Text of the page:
Currently, there is no unified standard for the treatment of MCD.34–37 Siltuximab was tested in iMCD randomized trials38 and became the first iMCD treatment approved by the US Food and Drug Administration in 2014. Siltuximab with or without glucocorticoids is the first-line treatment of choice for iMCD, with a 34% durable response rate.11 Additionally, rituximab-based therapy significantly improved the 5-year OS of HHV8-MCD from 33% to 90%.39 When Siltuximab is not an option, other drugs that can be used for the treatment of MCD include corticosteroids, rituximab, thalidomide, lenalidomide, bortezomib, cyclosporine, sirolimus, interferon etc.3,34 Hematopoietic stem cell transplantation is an option for patients with relapsed and refractory MCD.34 In this study, MCD patients had different therapeutic regimens. Two patients with MCD had a good prognosis and stable disease after resection of the mainly enlarged lymph nodes without other treatment due to financial reasons. While some patients with MCD did not respond well and even died despite aggressive treatment. This indicated that the prognosis of MCD patients varies greatly. Therefore, exploring possible prognostic risk factors is crucial for the stratified diagnosis and treatment of MCD patients. Studies have suggested that advanced age, splenomegaly and hypoproteinemia are independent prognostic factors for MCD.4 Importantly, MCD patients 2 and 3 died in this study. Among them, case No. 2 did not respond to the initial treatment of CDT (cyclophosphamide, dexamethasone, and thalidomide), and later died of disease progression after discontinuation of subsequent treatment for economic reasons. While case 3 received RD (rituximab and dexamethasone) and 3 courses of sequential R-CHOP (rituximab, cyclophosphamide, doxorubicin, vincristine, and prednisone). After chemotherapy, platelets returned to normal, but his persistent diarrhea and dyspnea worsened. With no better treatment options, the patient and his family discontinued follow-up treatment and were discharged. The intractable diarrhea of patient No. 3 is a key factor affecting its prognosis. Regarding the cause of diarrhea, although infectious factors were excluded, the cause could not be revealed because the patient failed to undergo colonoscopy and bowel biopsy. However, studies have shown that this may be related to MCD-related intestinal mucosal thrombotic microangiopathy40 and intestinal amyloidosis,41 and there are reports of Castleman disease and Crohn’s disease.42 For some patients with a dangerous clinical presentation, plasma exchange can be performed in the acute phase, and a patient with Castleman’s disease with diarrhea was relieved by six courses of rituximab, cyclophosphamide, and dexamethasone.40 Although Siltuximab was only launched in the country in December 2021, the drug was not an option at the time. However, the recovery of platelets in patient No. 3 indicates that the treatment is effective, which may be related to the insufficient treatment course. The number of cases in this study was too small for prognostic correlation analysis. Further investigations are expected to explore clinical stratification of MCD in order to instruct hierarchical therapeutic regimen and prognosis.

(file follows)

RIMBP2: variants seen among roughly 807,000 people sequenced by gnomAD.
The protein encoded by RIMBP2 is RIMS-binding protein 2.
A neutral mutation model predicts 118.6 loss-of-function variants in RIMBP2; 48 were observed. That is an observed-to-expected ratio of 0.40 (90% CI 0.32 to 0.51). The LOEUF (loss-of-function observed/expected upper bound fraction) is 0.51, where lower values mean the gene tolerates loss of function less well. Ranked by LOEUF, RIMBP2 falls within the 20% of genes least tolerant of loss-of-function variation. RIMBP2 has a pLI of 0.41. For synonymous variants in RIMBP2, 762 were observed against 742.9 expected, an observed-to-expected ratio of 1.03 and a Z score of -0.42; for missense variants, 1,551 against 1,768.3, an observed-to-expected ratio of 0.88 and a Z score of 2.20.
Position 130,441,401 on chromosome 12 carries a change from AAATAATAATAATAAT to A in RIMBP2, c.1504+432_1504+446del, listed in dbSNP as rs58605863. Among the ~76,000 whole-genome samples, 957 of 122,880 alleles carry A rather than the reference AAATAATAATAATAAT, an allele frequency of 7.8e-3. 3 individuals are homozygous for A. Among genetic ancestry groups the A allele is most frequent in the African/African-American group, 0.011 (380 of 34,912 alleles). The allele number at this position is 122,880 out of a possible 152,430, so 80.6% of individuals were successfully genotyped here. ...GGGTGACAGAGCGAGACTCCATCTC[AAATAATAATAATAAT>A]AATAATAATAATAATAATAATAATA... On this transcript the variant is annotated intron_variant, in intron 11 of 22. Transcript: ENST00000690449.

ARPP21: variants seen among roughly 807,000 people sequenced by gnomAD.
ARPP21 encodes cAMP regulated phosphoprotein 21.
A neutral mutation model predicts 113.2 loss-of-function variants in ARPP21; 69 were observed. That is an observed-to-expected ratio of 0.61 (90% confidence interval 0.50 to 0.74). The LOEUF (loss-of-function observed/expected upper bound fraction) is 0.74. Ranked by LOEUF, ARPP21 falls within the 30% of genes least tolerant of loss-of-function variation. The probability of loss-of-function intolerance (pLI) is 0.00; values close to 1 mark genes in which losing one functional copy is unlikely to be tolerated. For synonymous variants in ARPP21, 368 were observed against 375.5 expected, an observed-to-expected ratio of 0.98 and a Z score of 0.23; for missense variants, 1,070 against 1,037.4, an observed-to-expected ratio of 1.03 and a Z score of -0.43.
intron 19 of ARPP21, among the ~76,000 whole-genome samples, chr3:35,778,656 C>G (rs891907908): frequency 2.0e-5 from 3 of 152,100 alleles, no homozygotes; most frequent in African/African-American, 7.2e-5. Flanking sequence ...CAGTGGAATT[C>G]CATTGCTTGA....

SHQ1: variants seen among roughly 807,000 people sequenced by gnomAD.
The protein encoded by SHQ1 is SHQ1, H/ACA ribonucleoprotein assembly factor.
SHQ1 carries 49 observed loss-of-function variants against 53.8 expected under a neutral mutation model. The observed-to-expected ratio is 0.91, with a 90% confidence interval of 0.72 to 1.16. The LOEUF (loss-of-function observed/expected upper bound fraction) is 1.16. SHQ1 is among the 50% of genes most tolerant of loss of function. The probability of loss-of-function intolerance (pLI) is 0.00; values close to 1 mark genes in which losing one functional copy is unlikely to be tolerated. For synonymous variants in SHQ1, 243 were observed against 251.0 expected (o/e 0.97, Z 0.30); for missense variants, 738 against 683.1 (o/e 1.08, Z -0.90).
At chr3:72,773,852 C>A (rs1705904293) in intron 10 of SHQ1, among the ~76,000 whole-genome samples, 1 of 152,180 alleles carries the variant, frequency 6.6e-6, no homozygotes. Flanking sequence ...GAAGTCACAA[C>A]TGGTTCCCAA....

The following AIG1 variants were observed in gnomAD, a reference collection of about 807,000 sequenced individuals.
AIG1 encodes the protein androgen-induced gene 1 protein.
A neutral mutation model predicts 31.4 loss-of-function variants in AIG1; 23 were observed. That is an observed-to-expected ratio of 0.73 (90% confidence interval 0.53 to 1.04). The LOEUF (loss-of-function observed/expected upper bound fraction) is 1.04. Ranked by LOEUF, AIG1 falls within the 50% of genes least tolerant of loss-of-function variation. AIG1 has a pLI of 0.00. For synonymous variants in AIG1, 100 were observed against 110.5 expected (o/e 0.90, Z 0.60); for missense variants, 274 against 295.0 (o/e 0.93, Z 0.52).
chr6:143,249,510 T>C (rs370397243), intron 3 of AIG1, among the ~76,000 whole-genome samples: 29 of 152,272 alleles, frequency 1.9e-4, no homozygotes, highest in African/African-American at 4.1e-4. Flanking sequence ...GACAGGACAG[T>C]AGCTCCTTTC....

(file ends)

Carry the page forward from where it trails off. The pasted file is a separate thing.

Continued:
The clinical manifestations of MCD are diverse and lack specificity, and the prognosis varies greatly. Castleman disease, especially MCD, is still a huge challenge for clinicians.

Data Sharing Statement

The datasets generated during and/or analyzed during the current study are available from the corresponding author on reasonable request.

Compliance with Ethics Guidelines

This study was performed in accordance with the Helsinki Declaration of 1964, and its later amendments. This retrospective study was reviewed and approved by the Ethics Committee of The First Affiliated Hospital of Chongqing Medical University. For this type of study formal consent is not required.


There is no funding to report.


The authors declare that they have no competing interests.